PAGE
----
Quality assurance and harmonisation of higher education in Zimbabwe: Part Three…indigenising harmonisation


HARMONISATION of higher education at local level is essentially a process that recognises the importance of establishing an ‘area of knowledge’ in which activities and interactions in higher education, mobility and employment opportunities can be easily facilitated and increased.
It is the process that acknowledges diversity of higher education systems and cultures within the country, while simultaneously seeking to create a ‘common educational space’ (Wallace, 2000; Enders, 2004).
A country such as ours, with different cultures, religions and languages, must develop a harmonised system of education so that it can foster a higher level of understanding, a sense of shared purpose and common destiny in a highly globalised world.
The primary goal is to create general guidelines in areas such as degree comparability through similar degree cycle and qualifications framework, quality assurance, lifelong learning, or credit transfer system. (Armstrong, 2009)
These general guidelines will facilitate and expedite national student mobility, lifelong learning and hassle-free movement of talented workers within the nation and region, which will strengthen regional economy in the long run.
The most important factor that contributes to the success of the process of harmonisation in higher education is the participation and consensus-building at the level of national agencies, the public and also other stakeholders.
The key element of harmonisation in higher education is the establishment of a mutually accepted roadmap that will consist of a vision of future goal (such as the establishment of a higher education space/area), areas to develop common frameworks such as credit transfer system, quality assurance guidelines, regional qualifications framework or comparable degree cycle.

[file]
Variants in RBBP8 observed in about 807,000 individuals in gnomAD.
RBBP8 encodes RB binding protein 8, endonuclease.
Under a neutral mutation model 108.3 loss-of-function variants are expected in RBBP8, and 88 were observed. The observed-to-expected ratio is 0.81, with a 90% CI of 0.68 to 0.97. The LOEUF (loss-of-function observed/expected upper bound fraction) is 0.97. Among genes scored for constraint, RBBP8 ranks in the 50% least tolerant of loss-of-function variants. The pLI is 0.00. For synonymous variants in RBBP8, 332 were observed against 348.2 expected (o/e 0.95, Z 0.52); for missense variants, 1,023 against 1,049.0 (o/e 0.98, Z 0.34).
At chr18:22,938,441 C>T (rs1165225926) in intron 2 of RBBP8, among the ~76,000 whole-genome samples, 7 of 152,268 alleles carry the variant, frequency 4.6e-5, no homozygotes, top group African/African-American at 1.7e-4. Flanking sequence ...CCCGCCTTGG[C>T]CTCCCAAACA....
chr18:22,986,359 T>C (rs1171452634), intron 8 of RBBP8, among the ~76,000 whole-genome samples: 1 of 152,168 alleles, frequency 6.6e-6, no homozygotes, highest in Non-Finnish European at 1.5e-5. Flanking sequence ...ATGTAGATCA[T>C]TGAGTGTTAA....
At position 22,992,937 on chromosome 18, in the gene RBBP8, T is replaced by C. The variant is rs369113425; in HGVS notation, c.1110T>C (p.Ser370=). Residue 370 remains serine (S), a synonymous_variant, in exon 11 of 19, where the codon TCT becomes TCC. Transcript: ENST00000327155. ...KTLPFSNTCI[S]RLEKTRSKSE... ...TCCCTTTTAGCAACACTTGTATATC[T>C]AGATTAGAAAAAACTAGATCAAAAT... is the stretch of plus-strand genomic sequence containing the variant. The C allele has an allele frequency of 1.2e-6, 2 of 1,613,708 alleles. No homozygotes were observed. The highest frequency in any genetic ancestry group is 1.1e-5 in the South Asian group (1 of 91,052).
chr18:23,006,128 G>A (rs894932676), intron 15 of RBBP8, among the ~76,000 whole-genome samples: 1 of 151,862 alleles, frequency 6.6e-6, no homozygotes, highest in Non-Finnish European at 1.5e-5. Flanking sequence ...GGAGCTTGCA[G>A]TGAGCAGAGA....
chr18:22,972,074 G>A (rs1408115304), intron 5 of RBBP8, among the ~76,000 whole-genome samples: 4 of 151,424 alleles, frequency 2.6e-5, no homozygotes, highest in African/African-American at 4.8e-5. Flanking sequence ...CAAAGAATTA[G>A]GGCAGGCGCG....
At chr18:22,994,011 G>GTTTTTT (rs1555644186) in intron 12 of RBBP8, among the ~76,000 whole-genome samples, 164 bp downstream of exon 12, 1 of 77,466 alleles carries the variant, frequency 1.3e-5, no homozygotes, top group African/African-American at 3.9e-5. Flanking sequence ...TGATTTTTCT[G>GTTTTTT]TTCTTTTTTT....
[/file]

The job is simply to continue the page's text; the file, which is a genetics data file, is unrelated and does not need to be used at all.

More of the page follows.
Key players will be responsible for framework development and information dissemination to the public.
According to Hettne (2005), harmonisation is a cyclical policy process anchored in policy tools.
Admittedly, there are benefits in creating a common higher education space in Zimbabwe and hopefully within the region and continent as a whole.
Some of the major benefits include greater mobility, widening access and choices, academic and research collaborations, enhanced collaboration on human capital investment, and the promotion of the country and region within the fast changing global higher education landscape.
Of these, the most immediate advantage of harmonisation in the higher education sector is easier exchange of and mobility for students and academics between higher education institutions (HEIs) within the country and region at large; thus keeping up with positive globalisation trends.
Arguably, the model desired and considered most feasible is that which does not require all higher education systems to conform to a particular model.
The general observation is that a system that can be fitted into without jeopardising cultural diversity and national identity is considered most feasible and desirable.
Such an approach can lead to development of a unique learning culture, which is the basis of a stronger community.
Such a model allows for unity in diversity through setting benchmarks which provide standards but do not interfere with idiosyncratic characters of institutions.
Success factors
The harmonised higher education landscape in Zimbabwe would provide for the following scenarios:
– Students from different HEIs spend at least a year studying in other universities as part of a student-exchange programme.
– Graduates from one university can be recruited by other universities in the country, thus creating a multi-national workplace.
– Close collaboration between faculties in creating and developing new knowledge.
– Close collaboration between students in creating and developing new knowledge.
– Close collaboration between employment sectors in creating and developing new knowledge.
– Larger volume of adult students in the higher education system.
– Close collaboration between local and international relations offices which are the key players in mobility programmes.
Several actions are deemed necessary in achieving the desired goal of harmonising higher education in the country and in the region.
These include national and regional accreditation. Accreditation is very important in higher education.
It is viewed as both a process and a result.
It is a process by which a university/college or technical and vocational training institution evaluates its educational activities and seeks an independent judgment to confirm that it substantially achieves its objectives as well as being generally equal in quality to comparable institutions.
As a result, it is a form of certification, or grant of formal status by a recognised and authorised accrediting agency to an educational institution as possessing certain standards of quality which are over and above those prescribed as a minimum body of knowledge (MBK).
In Zimbabwe, the external oversight role is performed by the Zimbabwe Council for Higher Education.


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